Formerly the boss of Lancôme International, Marc Dubrule is now in charge of strategic development of L’Oréal’s Selective Divisions. He tells us how the Group has built up its mastery of fragrance creation.
Steadily picking up the pace over the last half-decade
Since the 2012 launch of Lancôme’s hugely popular La Vie est Belle, L’Oréal has been steadily picking up the pace, notching up one fragrance success after another, with Sì by Giorgio Armani, and Black Opium and Mon Paris, both by Yves Saint Laurent. The first of these three rank among the world’s top ten perfumes, with La Vie est Belle taking Europe’s number-one spot. Mon Paris is no slouch either and has broken into the US top ten. By harnessing this ability to create top-performing international perfumes, L’Oréal Luxe has made a name for itself as a global leader on the perfume market. “Our perfumes are reporting average annual growth of 5.5%, putting us well above the market average, which has hovered around 3% in the last four years”, comments Marc.
L’Oréal Luxe’s expertise in fragrances is not new. “It all began in 1964, when the Group acquired Lancôme”, says Marc. That takeover marked the first step in 50 years of perfumery and a string of worldwide success stories. “Two years later saw the release of Fidji by Guy Laroche, which was the Group’s first fragrance. Then in 1969 came Ô by Lancôme, followed by Anaïs Anaïs in 1978 – the year in which L’Oréal obtained the Ralph Lauren licence – then Drakkar Noir, which was released four years later and went on to become one of the world’s biggest selling perfumes.” In 1990 came Trésor by Lancôme, which was also a world number-one for several years. Marc points out that ten bottles of Trésor are still sold every minute around the world. In 1996, L’Oréal launched Acqua Di Gio, the embodiment of Armani’s sober and sophisticated style for men. It too has enjoyed huge and enduring popularity.
This history of excellence, backed up in the last five years by a series of resounding international successes, has made fragrances increasingly important to L’Oréal Luxe as a foundation for growth. “Fragrances are a key area for the Selective Divisions, particularly in the USA and Western Europe, where we command sizeable market share”, says Marc.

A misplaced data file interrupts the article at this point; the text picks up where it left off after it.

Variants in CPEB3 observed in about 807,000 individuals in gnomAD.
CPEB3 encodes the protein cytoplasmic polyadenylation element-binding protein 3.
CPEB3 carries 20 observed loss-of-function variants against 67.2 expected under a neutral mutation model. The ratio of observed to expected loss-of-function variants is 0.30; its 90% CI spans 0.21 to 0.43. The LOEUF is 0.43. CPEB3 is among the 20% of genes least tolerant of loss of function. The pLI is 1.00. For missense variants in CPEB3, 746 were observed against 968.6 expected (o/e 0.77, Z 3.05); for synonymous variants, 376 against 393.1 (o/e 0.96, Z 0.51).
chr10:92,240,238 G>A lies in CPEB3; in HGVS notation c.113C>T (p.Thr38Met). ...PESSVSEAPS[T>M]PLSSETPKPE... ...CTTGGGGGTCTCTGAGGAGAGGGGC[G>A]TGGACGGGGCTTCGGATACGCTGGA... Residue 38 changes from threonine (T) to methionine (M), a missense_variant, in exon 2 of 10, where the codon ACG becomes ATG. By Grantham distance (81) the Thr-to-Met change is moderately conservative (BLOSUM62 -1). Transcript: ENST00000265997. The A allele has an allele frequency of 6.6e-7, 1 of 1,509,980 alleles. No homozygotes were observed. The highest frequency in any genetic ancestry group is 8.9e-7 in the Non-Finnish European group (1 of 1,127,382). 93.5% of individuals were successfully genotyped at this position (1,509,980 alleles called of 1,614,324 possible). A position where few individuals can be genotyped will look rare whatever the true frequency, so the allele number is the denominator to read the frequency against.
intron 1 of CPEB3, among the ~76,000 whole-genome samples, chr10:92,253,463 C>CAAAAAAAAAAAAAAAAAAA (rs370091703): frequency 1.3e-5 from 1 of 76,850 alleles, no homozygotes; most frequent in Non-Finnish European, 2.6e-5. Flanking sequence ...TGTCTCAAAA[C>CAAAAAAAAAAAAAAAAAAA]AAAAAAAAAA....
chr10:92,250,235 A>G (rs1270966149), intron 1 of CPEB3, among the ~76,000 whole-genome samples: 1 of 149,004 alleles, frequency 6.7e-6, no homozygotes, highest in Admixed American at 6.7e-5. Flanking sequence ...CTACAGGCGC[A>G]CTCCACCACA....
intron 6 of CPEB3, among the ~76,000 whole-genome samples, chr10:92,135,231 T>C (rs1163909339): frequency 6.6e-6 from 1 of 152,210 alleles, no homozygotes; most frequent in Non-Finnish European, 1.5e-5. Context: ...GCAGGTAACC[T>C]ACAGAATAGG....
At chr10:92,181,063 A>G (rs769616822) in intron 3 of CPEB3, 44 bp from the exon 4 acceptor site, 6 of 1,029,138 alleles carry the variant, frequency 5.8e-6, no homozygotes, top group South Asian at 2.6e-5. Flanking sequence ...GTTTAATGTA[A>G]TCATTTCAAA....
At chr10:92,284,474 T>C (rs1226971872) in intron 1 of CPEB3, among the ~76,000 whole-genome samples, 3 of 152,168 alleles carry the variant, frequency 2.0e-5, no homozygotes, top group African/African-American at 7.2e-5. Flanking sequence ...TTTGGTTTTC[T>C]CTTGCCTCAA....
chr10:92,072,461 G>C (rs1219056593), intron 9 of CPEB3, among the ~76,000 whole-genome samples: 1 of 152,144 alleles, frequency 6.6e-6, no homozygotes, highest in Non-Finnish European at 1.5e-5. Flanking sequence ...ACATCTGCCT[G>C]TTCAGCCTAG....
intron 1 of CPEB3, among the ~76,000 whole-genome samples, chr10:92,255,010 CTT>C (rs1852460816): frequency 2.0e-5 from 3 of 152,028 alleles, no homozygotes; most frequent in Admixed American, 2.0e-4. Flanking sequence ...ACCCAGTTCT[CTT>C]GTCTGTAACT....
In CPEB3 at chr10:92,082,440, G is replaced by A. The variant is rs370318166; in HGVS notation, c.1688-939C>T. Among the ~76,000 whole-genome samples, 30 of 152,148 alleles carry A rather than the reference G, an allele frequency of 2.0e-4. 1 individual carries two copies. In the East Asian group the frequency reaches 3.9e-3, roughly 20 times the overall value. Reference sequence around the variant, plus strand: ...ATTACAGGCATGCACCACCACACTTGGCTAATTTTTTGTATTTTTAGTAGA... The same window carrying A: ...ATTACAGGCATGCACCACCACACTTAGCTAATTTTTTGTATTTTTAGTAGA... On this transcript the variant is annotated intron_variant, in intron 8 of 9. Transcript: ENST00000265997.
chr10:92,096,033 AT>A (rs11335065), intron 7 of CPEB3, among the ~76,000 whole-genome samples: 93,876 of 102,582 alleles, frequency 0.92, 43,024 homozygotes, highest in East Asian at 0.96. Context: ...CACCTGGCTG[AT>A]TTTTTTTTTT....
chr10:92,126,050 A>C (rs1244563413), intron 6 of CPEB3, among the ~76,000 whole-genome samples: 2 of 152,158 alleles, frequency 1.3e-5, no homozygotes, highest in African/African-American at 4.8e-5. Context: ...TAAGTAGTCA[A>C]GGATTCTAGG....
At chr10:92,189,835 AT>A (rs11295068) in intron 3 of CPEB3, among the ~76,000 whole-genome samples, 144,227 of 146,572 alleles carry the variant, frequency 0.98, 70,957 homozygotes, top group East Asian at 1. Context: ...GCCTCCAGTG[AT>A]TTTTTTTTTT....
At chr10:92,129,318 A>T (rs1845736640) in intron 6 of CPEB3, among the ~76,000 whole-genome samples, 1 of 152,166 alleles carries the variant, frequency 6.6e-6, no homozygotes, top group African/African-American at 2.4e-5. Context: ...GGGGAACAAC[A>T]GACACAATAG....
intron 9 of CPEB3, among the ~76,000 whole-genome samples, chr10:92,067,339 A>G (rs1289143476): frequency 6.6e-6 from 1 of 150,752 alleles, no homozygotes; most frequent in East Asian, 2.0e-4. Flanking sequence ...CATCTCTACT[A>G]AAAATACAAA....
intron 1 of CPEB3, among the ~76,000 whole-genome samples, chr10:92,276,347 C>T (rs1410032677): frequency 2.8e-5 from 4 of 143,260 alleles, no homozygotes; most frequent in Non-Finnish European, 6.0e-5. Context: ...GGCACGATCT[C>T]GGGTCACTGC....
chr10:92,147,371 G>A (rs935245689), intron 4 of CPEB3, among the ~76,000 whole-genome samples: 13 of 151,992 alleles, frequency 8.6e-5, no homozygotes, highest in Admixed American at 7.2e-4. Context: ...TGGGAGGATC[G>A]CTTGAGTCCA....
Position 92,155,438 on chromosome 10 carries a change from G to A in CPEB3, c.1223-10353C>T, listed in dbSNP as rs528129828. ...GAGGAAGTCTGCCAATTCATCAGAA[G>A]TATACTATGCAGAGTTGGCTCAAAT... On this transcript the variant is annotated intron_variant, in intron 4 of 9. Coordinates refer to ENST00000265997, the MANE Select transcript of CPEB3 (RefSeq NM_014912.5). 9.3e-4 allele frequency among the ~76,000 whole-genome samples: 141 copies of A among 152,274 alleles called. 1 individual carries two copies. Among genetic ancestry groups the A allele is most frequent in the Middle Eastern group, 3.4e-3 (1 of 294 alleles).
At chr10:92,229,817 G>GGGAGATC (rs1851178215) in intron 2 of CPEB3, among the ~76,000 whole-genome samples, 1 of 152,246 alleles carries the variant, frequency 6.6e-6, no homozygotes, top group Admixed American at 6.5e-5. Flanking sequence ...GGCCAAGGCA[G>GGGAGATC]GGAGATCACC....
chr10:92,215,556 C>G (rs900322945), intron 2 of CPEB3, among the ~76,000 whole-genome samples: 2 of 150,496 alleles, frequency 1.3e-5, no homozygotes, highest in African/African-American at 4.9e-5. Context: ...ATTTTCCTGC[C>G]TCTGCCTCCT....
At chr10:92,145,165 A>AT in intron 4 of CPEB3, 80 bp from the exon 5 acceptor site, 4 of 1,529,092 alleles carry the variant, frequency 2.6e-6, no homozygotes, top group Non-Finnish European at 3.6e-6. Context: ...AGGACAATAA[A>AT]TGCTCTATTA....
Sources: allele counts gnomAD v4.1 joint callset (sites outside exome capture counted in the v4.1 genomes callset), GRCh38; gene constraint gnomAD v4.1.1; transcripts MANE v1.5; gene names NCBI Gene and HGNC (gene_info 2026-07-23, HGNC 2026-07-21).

High-calibre, bespoke products: L’Oréal Luxe’s strategy
Marc attributes this success to two major strategic strengths, citing L’Oréal’s high-calibre perfumes and bespoke creation strategy.
Quality comes first. “This has always been and must remain the common denominator for all our fragrances”, says Marc. Several teams are involved in making sure that this is the case. One is the Olfactory Department. “Staffed by expert perfumers, this is an artistic department that acts as an interface between our major brands and the world’s top noses. At an early stage, they identify the most interesting and complementary olfactory directions within each brand. They then work in partnership with the great perfume houses to figure out the composition of each fragrance, check the technical qualities – strength, diffusion and tenacity – and oversee the meticulous selection of raw ingredients.” The Operations team, meanwhile, looks after industrial excellence, handling technical design and manufacture of the perfumes, plus packaging and bottling. “This task might involve 100 numbered and engraved units for a prestige limited edition just as easily as a run of several million units for a global product such as La Vie est Belle”, says Marc. Manufacturing is centralised at the Fapagau plant in Picardy, which also makes sure that quality is absolutely perfect before perfumes go to market. As a result, the value chain is secured and quality assured from the selection of raw materials to packaging.